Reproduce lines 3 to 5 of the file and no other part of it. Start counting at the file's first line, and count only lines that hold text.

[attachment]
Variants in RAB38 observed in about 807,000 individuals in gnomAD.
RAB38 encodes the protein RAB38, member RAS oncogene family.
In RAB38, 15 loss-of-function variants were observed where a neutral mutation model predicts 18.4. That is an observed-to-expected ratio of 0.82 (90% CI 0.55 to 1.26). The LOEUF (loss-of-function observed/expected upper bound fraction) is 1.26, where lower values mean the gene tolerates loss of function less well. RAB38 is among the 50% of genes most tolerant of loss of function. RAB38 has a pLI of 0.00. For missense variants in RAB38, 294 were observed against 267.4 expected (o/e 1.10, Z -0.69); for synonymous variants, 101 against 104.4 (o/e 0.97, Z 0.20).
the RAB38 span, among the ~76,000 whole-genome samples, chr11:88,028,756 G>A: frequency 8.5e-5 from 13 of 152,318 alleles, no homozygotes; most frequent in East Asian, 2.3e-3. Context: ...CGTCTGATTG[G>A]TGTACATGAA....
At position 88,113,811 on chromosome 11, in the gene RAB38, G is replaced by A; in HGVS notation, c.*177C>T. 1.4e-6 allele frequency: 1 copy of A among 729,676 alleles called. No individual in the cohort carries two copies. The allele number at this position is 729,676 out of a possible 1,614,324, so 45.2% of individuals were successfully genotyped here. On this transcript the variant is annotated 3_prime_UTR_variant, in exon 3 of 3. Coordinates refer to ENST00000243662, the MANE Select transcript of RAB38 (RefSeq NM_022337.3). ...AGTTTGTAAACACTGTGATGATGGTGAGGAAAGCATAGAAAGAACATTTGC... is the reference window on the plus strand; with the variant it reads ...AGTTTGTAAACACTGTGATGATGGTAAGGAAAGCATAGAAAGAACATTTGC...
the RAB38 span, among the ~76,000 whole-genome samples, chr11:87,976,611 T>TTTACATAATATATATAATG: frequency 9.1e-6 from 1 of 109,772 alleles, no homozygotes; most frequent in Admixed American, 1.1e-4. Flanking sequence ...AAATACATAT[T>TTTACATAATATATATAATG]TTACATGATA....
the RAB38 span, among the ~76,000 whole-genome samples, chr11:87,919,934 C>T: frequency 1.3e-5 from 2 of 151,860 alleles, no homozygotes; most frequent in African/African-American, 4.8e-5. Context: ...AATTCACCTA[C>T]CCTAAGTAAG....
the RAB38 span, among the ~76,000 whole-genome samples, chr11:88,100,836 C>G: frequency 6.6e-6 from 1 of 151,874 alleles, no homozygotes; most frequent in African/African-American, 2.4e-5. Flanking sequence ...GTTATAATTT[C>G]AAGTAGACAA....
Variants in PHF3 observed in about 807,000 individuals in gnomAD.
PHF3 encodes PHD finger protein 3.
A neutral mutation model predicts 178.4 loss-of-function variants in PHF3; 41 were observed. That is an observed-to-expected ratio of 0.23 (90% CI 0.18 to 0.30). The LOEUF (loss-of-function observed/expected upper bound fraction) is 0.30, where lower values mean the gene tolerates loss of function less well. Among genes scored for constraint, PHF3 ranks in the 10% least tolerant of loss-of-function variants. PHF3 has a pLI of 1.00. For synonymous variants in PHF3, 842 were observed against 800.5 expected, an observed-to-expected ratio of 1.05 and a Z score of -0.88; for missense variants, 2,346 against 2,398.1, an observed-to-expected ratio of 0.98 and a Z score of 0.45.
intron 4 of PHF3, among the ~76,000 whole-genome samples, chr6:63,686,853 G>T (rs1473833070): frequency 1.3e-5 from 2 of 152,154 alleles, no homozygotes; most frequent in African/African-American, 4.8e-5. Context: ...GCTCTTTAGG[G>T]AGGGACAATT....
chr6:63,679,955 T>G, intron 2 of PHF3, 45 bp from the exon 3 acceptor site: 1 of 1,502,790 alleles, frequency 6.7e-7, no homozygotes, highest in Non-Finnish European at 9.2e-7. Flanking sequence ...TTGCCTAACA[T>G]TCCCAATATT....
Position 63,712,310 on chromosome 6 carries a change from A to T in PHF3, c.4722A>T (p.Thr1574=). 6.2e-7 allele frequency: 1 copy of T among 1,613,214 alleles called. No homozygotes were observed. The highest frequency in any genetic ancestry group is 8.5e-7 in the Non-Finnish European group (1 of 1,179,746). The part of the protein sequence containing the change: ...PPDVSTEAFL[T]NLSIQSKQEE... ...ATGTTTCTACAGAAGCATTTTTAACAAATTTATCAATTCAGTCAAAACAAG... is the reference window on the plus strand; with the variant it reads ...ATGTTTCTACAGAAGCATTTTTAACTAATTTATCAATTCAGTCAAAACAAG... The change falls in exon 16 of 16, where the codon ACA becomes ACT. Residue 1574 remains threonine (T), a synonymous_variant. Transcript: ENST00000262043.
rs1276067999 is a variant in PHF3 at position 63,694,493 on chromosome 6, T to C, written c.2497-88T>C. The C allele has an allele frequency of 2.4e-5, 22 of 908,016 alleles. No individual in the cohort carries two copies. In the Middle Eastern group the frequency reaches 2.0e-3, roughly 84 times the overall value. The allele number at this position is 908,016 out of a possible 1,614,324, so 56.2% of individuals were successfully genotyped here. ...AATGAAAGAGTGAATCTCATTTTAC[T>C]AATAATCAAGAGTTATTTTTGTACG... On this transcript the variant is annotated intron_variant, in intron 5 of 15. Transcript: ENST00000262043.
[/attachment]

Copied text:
In RAB38, 15 loss-of-function variants were observed where a neutral mutation model predicts 18.4. That is an observed-to-expected ratio of 0.82 (90% CI 0.55 to 1.26). The LOEUF (loss-of-function observed/expected upper bound fraction) is 1.26, where lower values mean the gene tolerates loss of function less well. RAB38 is among the 50% of genes most tolerant of loss of function. RAB38 has a pLI of 0.00. For missense variants in RAB38, 294 were observed against 267.4 expected (o/e 1.10, Z -0.69); for synonymous variants, 101 against 104.4 (o/e 0.97, Z 0.20).
the RAB38 span, among the ~76,000 whole-genome samples, chr11:88,028,756 G>A: frequency 8.5e-5 from 13 of 152,318 alleles, no homozygotes; most frequent in East Asian, 2.3e-3. Context: ...CGTCTGATTG[G>A]TGTACATGAA....
At position 88,113,811 on chromosome 11, in the gene RAB38, G is replaced by A; in HGVS notation, c.*177C>T. 1.4e-6 allele frequency: 1 copy of A among 729,676 alleles called. No individual in the cohort carries two copies. The allele number at this position is 729,676 out of a possible 1,614,324, so 45.2% of individuals were successfully genotyped here. On this transcript the variant is annotated 3_prime_UTR_variant, in exon 3 of 3. Coordinates refer to ENST00000243662, the MANE Select transcript of RAB38 (RefSeq NM_022337.3). ...AGTTTGTAAACACTGTGATGATGGTGAGGAAAGCATAGAAAGAACATTTGC... is the reference window on the plus strand; with the variant it reads ...AGTTTGTAAACACTGTGATGATGGTAAGGAAAGCATAGAAAGAACATTTGC...